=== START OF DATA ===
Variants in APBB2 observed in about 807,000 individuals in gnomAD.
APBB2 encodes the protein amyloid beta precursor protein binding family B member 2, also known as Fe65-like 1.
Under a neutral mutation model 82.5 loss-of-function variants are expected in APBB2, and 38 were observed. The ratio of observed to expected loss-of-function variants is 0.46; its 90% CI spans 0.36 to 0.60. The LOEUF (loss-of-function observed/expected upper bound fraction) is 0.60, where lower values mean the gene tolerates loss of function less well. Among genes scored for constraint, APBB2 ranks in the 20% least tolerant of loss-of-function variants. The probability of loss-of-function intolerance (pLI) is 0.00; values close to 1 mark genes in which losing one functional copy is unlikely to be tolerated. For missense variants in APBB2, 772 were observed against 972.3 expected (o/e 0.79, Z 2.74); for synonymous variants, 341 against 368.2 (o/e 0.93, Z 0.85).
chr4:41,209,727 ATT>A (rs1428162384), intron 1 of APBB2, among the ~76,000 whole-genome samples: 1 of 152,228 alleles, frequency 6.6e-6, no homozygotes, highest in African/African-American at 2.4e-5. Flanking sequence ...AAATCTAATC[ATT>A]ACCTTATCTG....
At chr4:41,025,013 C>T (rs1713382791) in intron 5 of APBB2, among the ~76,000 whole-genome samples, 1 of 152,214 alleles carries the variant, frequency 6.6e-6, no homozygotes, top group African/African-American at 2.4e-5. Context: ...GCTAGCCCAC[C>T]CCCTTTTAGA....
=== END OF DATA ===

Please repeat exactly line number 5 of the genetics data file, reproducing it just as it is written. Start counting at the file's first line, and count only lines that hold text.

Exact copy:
At chr4:41,025,013 C>T (rs1713382791) in intron 5 of APBB2, among the ~76,000 whole-genome samples, 1 of 152,214 alleles carries the variant, frequency 6.6e-6, no homozygotes, top group African/African-American at 2.4e-5. Context: ...GCTAGCCCAC[C>T]CCCTTTTAGA....